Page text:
A place off the streets


For eight years, Craig Blasingame dined out of dumpsters and called the bushes at Rose and Centinela avenues home.

“Everyone says to look for the light at the end of the tunnel -- but I couldn’t even find the tunnel,” the 52-year-old says with direct eyes the turquoise of a Caribbean bay. Making up the Murphy bed in his new studio apartment in Santa Monica, he adds matter-of-factly, “I haven’t had a bed to make for eight years.”

For the last two months, Blasingame has called Step Up on Fifth home. The modern five-story building, designed by Pugh & Scarpa Architects, is a beacon to the tenants lucky enough to land one of the 46 units. To qualify, residents must be homeless and have a chronic mental illness. Apartments were filled on a first-come, first-serve basis, says Tod Lipka, president and chief executive of the nonprofit Step Up on Second, who oversaw the $18-million public-private housing project with Dora Gallo, chief executive of affordable housing developer A Community of Friends.


In 2002, Lipka began actively looking for sites to build permanent supportive housing, eventually deciding on a parking lot sandwiched between an auto body shop and a Salvation Army senior housing center on 5th Street (hence, Step Up on Fifth).

The mandate to the architects: “We wanted a protective internal environment,” Lipka says, “and we wanted to incorporate the mission of our program -- to create a sense of community and connectedness -- into the building, while still being a part of the larger community.”

To that end, project architect Angela Brooks spearheaded Pugh & Scarpa’s design, which called for a large, open courtyard with a prominent stairwell that could be a gathering spot for residents. A perforated wall on the southern side filters natural sunlight, creating a play of light and shadow throughout the day.

Full kitchens on the second and third floors provide communal cooking and community rooms for residents that encourage mingling, and sliding pocket doors create a seamless connection to the adjacent courtyard.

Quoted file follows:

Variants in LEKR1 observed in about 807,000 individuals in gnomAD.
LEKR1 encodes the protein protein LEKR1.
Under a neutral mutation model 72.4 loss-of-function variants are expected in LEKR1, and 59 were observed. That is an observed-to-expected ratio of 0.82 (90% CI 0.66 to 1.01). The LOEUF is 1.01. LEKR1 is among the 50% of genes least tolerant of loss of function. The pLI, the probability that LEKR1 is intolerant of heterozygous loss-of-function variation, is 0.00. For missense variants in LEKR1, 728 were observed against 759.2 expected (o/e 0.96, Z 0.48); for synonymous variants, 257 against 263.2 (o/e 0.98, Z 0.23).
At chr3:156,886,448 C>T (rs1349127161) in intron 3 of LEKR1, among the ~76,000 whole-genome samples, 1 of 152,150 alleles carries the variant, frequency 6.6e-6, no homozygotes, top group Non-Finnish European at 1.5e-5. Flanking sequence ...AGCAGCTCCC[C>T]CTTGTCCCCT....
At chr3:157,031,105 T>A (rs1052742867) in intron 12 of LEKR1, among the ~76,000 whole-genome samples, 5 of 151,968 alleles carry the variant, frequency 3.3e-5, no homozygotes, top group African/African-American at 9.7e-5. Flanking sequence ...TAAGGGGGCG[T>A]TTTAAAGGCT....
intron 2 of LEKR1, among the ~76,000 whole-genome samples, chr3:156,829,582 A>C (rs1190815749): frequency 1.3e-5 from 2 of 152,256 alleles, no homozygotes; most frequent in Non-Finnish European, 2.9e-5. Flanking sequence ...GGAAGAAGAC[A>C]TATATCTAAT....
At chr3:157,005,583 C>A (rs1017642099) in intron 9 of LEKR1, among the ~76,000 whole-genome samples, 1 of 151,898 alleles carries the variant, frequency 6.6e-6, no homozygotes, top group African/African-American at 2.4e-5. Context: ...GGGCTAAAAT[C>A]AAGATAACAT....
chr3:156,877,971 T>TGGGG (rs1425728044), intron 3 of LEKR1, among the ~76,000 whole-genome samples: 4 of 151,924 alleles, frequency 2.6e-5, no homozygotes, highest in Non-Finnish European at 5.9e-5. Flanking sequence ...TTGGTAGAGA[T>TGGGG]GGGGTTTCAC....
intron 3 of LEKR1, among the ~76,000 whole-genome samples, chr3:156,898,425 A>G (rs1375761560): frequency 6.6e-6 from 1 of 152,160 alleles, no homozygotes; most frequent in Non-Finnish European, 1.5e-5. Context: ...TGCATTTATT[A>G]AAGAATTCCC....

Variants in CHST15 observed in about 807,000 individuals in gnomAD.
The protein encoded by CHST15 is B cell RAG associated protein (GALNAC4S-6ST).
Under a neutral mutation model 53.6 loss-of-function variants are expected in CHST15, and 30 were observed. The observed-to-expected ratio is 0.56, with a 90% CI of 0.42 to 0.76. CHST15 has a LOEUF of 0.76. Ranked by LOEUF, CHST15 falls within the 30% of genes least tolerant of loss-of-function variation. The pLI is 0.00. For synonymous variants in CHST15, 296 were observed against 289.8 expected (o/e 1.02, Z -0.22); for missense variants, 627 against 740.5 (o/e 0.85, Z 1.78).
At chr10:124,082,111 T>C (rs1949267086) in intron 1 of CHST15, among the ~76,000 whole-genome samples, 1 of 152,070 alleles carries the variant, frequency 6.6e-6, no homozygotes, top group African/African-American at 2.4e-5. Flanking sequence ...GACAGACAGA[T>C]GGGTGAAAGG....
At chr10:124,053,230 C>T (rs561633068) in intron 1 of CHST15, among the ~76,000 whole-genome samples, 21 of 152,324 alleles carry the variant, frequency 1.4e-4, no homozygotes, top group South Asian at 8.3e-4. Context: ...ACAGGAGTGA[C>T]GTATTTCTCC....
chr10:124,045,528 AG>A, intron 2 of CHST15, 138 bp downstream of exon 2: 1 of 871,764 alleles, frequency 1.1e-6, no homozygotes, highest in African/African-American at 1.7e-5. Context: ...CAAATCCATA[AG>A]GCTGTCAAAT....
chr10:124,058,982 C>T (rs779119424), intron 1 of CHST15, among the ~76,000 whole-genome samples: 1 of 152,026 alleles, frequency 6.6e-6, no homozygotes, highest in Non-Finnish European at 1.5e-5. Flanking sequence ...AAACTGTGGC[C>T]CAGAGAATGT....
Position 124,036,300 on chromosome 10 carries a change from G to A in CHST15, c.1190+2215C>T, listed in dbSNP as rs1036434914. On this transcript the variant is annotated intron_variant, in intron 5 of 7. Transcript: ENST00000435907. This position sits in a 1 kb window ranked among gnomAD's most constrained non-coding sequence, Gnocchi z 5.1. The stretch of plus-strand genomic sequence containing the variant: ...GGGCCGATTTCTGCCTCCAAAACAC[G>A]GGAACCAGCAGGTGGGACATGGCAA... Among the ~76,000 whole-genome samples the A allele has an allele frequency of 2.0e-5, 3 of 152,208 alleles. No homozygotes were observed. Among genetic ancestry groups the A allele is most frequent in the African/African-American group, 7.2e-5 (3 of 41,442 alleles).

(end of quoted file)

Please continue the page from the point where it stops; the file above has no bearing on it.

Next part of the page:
Corridors are bright. Stucco walls are painted a light, dove gray “to bounce light off the court into the surrounding studio apartments,” Brooks says.

But it is the building’s lively facade, with shutters in soft desert hues of yellow, sage and lilac, that is most welcoming. The anodized aluminum panels offer privacy and a feeling of security, while connecting residents to views of the busy urban streetscape.


“It’s the front of their house essentially,” Brooks says. “We wanted to create a building they could be proud of coming home to.”

Residents enter each studio from a shared, open balcony, which helps to make the apartments as light-filled and airy as possible. Inside, the studios are small -- 220 to 345 square feet.

Each contains a mini-kitchen, a 30-inch table with a pair of chairs, and a closet with a drop-down bed that can double as a sofa. A 7-by-8-foot wheelchair accessible bathroom seems large by comparison.

Blasingame doesn’t mind the tight quarters.

“It’s my very own place,” he says, pointing out his first purchase, a new TV with a yellow happy-face tchotchke on top. “I’m making new friends and new memories,” says Blasingame, who has a job two days a week at the local farmers market. “I can finally see that light at the end of the tunnel everyone talks about.”